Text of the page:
consensually non-monogamous individuals were significantly more likely to have practiced safer sex with all partners, to have undergone STI testing, and to have had conversations about safer sex practices than were sexually unfaithful individuals in ostensibly monogamous relationships.”

The authors suggest — and I agree — that this is

“in keeping with general polyamorous ideologies of rigorous honesty in sexual relationships.”

I think it also matches up with the “poly mantra” of Communicate, Communicate, Communicate. 🙂

One of my favorite personal statistics from this survey is that

“the LM population was slightly, but significantly, happier than the general population.”

Cool. 🙂

On the whole, it’s an interesting survey, and worth a look, especially for those of us who are academically minded… or just plain curious. 😉

Here’s hoping that you, too are happy in your relationships, no matter who, or how many you love!

~♥ Dawn

PS: Did you know I’m already licensed to perform marriages in CA (and most other states)? I love co-creating custom rituals for weddings, handfastings, and other Life Milestone ceremonies for people of any and all genders, involved in any and all healthy and supportive relationship structures. Check out my LoveOTB Ministerial Services Page for more information! No matter who or how many you love, Love is ALWAYS OK!

∞ ♥ ∞ ♥ ∞ ♥ ∞ ♥ ∞ ♥ ∞ ♥ ∞ ♥ ∞ ♥ ∞ ♥ ∞ ♥ ∞ ♥ ∞ ♥

[© 2013 Dawn M. Davidson]

Positive STI Test? Don’t Panic! (Yet)

gamblingsign.phpShould you freak out if you get a positive [STI] test?  Probably not, depending on the number of “false positives.”  Here’s the mathematical reasoning, based on a disease with a 1% rate in the population, where the test finds the diseases 100% of the time, but has a 5% “false positive” rate.

http://www.businessinsider.com/controversial-math-problems-markov-chain-cantor-coin-flip-2013-5#-27

The “moral” of the story? Don’t freak out (yet); instead, get a second opinion.

Of course, the exact numbers will depend on how accurate the test is, and exactly what the false positive rates are. But mathematically speaking, a positive test is not something to freak out about, at least not until there are TWO positive tests in a row.  Preferably by different testing methods.

Picture of condoms in a rainbow of colors

This, by the way, is why you really shouldn’t “out” someone publicly who’s just told you privately that they got a positive test, and are awaiting re-testing (while taking appropriate precautions not to unnecessarily expose others in the meantime, just in case).  Because the HIGH probability is that the re-test will be negative. Making a big deal about whether they’ve told absolutely everyone yet is just going to cause drama that is likely completely unnecessary.  Giving them a little empathy about how challenging it must be to get this result and how hard it is to wait, on the other hand, would probably be really welcome. 🙂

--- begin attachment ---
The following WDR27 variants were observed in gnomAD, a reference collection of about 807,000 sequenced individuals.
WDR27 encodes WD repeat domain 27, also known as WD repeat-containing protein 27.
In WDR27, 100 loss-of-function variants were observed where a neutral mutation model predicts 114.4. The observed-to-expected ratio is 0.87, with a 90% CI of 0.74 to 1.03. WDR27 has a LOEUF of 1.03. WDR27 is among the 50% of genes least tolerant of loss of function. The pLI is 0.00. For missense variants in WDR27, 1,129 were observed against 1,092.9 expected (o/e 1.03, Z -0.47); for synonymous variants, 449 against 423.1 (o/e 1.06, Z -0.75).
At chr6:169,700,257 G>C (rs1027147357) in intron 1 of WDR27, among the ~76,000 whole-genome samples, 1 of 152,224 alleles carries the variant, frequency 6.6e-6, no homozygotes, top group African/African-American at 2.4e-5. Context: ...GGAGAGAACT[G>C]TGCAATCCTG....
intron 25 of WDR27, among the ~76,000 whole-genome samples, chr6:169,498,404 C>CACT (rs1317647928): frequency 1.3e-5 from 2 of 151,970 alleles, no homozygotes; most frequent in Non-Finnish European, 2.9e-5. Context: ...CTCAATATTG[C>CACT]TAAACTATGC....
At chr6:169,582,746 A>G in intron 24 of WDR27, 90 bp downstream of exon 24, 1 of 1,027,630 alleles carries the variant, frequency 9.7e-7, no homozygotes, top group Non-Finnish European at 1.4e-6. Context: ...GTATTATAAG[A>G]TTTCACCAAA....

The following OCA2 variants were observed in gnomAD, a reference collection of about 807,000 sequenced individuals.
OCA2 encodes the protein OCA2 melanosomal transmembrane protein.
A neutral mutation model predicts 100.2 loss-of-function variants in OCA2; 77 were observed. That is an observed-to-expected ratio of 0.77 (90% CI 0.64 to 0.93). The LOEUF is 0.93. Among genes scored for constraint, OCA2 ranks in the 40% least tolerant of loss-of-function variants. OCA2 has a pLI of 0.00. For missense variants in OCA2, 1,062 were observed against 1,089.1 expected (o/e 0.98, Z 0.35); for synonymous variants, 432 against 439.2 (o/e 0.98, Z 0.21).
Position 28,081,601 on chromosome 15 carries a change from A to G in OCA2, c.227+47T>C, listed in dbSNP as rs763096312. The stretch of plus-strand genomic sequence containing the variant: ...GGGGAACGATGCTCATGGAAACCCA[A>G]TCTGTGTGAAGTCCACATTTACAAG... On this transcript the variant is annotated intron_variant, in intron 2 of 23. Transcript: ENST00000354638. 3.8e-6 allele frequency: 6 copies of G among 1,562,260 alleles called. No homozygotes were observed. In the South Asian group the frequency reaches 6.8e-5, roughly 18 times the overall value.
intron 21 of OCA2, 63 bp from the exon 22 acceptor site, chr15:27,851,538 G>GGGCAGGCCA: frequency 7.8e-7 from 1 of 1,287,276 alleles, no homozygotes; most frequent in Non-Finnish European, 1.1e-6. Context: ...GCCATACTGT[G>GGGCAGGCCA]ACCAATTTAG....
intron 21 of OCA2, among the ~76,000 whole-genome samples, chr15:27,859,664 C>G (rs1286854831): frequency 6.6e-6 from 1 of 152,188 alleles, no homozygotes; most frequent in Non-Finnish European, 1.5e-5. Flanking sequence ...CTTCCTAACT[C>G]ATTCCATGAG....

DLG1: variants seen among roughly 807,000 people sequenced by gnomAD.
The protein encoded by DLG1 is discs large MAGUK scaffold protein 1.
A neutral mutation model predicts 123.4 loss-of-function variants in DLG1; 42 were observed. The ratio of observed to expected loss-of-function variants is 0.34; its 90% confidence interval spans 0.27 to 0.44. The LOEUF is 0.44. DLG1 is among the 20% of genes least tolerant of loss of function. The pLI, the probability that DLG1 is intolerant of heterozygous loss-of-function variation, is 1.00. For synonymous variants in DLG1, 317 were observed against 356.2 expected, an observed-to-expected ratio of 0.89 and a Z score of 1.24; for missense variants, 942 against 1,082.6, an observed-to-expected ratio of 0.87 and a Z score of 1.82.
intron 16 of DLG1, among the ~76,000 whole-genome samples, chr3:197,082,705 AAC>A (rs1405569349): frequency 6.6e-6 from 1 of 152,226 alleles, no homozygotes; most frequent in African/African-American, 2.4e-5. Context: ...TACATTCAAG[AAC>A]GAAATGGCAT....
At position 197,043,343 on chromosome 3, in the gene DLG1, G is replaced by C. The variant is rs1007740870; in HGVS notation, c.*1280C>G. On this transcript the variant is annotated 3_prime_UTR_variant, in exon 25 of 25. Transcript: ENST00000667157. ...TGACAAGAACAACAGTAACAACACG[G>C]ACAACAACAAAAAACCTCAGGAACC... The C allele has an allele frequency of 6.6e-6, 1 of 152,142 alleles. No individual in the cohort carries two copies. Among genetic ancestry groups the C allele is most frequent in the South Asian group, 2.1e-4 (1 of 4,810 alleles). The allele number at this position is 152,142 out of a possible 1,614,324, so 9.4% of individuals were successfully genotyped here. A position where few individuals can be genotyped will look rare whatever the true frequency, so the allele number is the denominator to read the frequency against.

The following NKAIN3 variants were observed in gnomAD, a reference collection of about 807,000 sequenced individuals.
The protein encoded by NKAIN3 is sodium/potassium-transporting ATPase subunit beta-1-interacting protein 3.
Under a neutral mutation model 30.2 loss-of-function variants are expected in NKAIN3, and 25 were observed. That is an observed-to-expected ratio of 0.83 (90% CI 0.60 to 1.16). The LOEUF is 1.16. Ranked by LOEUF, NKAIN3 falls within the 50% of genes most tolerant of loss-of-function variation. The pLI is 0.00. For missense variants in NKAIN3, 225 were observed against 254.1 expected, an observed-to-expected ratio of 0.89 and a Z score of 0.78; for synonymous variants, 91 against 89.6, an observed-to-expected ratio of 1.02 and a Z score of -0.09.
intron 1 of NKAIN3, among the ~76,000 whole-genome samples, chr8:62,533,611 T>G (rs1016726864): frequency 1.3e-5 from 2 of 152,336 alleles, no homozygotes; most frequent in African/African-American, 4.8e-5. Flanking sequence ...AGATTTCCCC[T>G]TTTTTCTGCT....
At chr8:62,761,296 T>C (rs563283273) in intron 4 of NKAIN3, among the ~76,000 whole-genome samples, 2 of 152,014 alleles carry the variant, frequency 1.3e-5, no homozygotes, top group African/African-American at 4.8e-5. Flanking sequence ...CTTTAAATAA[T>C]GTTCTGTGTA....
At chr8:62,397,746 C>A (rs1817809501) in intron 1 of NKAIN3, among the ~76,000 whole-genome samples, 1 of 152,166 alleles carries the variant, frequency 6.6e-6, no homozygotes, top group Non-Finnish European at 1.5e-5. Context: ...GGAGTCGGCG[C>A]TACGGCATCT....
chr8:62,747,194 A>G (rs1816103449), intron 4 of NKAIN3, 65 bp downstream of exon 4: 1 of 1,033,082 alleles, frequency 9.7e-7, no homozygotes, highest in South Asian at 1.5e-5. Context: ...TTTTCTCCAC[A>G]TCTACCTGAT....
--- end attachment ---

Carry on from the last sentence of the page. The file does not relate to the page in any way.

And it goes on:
May you always love boldly, safely, and well!

~♥ Dawn

Want some help negotiating safer sex (or any other kind of) Agreements? I’m always happy to schedule a free 30 minute session (or 60 minutes for half price). Read what other people are saying about my work here. Or read more about making Agreements in my KISSable Agreements workbook entries. 🙂  Still got questions?  Feel free to contact me on my Love Outside the Box webpage.

∞ ♥ ∞ ♥ ∞ ♥ ∞ ♥ ∞ ♥ ∞ ♥ ∞ ♥ ∞ ♥ ∞ ♥ ∞ ♥ ∞ ♥ ∞ ♥

[© 2013 Dawn M. Davidson]

 

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Stigma Over Open Relationships Changing, Says Study

A new psychological study by Kevin Zimmerman from Iowa State University suggests that “the stigma over open relationships could be changing, and in the future, this lifestyle might even become the norm.”

Clients in Sexually Open Relationships: Considerations for Therapists

The author seems to have a good grasp of the territory of open, polyamorous, and otherwise non-monogamous relationships. As quoted in the Huffington Post Blog about the article:

Zimmerman raises the question of whether we could be socialized to believe that to be devoted to a second person is to love the first less, even though this standard does not apply when discussing adoring more than one child, for example.

Zimmerman explains that open relationships are different from infidelity or cheating because partners agree on the sexual boundaries of the relationship, and there is no deception about sex. Successful open relationships typically involve those who privilege authenticity over conformity in their relationships. ‘Open’ relationships can be characterised by more honesty and better observation of boundaries.

While many people, especially in more conservative parts of our culture, believe that non-monogamous relationships (especially polygamy) are always bad, and inherently anti-feminist, Zimmerman challenges this ideas, saying

‘open’ relationships are sometimes seen as raising the status of women, releasing them to be with whom they want, bestowing greater power over their own bodies.

Additionally, Zimmerman correctly points out that monogamy is actually far less dominant that we’ve been led to believe:

Of the 185 human societies investigated in one study, only 29 restricted their members to monogamy… .

What do you think?  Are open relationships becoming less stigmatized? Is that true of only some types of open relationships?  Are there “good” or “bad” kinds of open relationships?